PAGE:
You can reach me at email@example.com.
Q. Whatever happened to all the original Irish interior and fixtures of McCabe’s Pub and will it ever open again somewhere else?
Natalie O’Brien, Ft. Myers, Ohio
A. Over the Labor Day weekend in 2013, the last piece of McCabe’s Irish Pub and Grill was forever history. The doors officially closed on September 1, 2013
I spoke with Naples Developer and owner of the Inn on Fifth, Phil McCabe who opened his namesake in 1997.
“We hosted a 3-day event over the Labor Day weekend in 2013 for friends, pub patrons, and the public and gave away everything! From bar stools and chairs to tables and light fixtures. It’s true every piece of the interior including the wood floor was one hundred percent from Ireland. I had it shipped over in containers. The eight carpenters were from Dublin and stayed for 2 months to install.
“I do miss it,” McCabe said, “especially this time of year.” When I asked if he’d open another McCabe’s he replied, “I might open another ‘Irish themed’ restaurant. I wouldn’t dismiss it. It’s just a matter of energy on my end!”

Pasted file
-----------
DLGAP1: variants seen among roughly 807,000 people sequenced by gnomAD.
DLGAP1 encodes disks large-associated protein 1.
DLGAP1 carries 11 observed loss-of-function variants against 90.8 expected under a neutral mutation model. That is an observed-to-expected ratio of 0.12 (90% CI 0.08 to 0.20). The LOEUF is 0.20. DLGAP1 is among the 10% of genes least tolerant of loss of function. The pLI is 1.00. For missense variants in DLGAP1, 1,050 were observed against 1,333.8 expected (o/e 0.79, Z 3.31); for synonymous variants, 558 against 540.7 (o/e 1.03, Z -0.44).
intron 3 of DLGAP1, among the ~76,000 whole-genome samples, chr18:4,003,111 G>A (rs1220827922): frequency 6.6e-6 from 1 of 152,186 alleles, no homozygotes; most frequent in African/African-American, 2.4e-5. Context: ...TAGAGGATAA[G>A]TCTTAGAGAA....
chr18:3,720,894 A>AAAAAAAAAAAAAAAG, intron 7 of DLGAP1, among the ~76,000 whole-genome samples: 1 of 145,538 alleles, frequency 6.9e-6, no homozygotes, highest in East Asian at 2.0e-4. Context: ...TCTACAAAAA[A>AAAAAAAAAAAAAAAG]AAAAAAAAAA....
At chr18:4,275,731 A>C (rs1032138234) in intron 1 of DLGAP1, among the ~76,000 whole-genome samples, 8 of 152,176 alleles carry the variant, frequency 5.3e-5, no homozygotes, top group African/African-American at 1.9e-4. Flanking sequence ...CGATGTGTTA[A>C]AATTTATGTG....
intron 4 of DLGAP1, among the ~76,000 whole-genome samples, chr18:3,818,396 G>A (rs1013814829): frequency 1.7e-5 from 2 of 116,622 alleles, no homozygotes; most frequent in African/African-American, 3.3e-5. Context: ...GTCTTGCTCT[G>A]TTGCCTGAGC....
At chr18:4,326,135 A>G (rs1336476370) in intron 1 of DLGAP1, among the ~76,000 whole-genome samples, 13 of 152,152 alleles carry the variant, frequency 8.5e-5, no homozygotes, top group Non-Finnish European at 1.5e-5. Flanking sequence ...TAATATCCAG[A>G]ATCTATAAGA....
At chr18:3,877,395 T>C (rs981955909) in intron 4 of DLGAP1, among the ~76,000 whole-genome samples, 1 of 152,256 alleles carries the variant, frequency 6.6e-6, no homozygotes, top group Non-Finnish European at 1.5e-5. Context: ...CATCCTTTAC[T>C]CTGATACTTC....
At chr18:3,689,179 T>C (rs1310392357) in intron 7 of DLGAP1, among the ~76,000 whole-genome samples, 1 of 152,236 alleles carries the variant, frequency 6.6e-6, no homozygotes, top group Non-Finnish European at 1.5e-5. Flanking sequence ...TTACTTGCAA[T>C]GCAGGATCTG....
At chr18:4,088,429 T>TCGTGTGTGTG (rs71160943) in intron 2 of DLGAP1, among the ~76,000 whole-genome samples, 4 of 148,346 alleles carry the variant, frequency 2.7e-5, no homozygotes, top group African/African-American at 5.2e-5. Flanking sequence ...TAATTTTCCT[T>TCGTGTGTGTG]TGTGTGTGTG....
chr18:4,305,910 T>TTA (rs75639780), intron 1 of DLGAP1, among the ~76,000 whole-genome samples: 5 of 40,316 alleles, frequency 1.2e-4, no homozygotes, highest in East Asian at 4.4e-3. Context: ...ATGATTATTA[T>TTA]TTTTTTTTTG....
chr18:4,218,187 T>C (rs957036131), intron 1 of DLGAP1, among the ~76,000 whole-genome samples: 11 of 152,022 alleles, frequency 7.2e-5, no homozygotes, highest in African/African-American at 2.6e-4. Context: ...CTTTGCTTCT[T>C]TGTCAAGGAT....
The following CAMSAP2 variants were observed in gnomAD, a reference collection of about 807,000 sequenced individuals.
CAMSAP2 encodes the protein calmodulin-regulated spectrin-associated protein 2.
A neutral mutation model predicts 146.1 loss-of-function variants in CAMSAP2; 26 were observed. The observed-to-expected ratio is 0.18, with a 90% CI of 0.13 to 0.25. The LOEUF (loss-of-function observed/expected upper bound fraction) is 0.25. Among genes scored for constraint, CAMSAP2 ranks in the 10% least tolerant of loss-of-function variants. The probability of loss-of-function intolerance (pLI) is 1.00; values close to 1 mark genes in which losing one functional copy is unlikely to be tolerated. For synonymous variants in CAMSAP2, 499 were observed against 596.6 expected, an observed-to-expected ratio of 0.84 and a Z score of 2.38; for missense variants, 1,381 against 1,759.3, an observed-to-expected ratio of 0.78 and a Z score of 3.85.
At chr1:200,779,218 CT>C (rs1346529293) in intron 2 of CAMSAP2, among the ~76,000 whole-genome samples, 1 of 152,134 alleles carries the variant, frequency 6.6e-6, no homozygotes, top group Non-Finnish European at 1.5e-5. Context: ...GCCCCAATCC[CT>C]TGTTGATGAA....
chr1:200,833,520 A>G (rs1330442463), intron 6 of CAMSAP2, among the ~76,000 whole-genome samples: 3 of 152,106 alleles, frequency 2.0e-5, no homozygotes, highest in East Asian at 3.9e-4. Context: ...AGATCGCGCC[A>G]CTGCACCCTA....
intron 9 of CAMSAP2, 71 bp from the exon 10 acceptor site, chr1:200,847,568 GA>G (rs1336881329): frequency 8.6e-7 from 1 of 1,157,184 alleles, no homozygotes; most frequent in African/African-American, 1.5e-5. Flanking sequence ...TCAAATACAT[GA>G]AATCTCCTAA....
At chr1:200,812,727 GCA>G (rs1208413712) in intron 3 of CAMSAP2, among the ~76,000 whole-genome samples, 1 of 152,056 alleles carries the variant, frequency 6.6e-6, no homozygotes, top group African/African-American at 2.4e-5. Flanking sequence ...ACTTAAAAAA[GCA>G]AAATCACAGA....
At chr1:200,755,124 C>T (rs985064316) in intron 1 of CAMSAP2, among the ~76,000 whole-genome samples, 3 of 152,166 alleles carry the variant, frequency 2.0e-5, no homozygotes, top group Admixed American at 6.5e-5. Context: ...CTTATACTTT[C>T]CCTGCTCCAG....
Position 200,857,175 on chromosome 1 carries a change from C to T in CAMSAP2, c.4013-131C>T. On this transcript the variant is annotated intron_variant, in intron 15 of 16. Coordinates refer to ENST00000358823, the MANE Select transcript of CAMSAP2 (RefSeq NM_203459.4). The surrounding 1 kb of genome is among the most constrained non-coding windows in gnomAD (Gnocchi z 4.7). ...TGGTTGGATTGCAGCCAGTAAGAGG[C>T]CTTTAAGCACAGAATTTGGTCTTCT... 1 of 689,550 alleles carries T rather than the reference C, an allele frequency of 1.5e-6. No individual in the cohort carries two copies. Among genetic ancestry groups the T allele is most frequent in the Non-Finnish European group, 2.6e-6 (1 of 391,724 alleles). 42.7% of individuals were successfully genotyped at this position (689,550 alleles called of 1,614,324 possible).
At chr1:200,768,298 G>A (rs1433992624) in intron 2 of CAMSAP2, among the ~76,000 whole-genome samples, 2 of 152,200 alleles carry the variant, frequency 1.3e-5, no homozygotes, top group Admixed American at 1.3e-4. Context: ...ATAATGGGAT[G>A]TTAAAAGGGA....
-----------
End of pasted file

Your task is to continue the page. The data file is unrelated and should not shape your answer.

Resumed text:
I’d say he has plenty of that!
McCabe’s Irish Pub website is still there with the following statement:
“Erin Go Bragh!
McCabe’s Irish Pub is closed for an extended Irish Vacation. A grand Irish wake was held on Sunday, September 1st to celebrate the departure of McCabe’s from the 5th Avenue scene. The last day was filled with merriment, camaraderie, festivities and entertainment featuring some of the musicians you have seen at McCabe’s over the years. All remaining McCabe’s memorabilia was given away to patrons in attendance from the stage. Some lucky revelers made off with tee shirts, hats, and even some furniture. BUT TAKE HEART… McCabe’s will be back. Watch this spot for updates. A spiffed up, rejuvenated, rested and more-Irish than-ever McCabe’s will re-open in about two years, downtown Naples in a surprise location. In the meantime, SLAINTE!! May the blessings of the Irish be with you until we meet again.”
Perhaps the extended vacation will end soon…. stay tuned!
Tidbit ~ After McCabe’s closed and was gutted, Avenue5 restaurant then opened in early February 2014. Over Labor Day weekend in 2016 Avenue5 closed and in December 2016, Ocean Prime opened.
For those of you who are new to Naples and never had the opportunity to visit McCabe’s or those still missing it, enjoy this trip down memory lane.
Happy St. Patrick’s Day!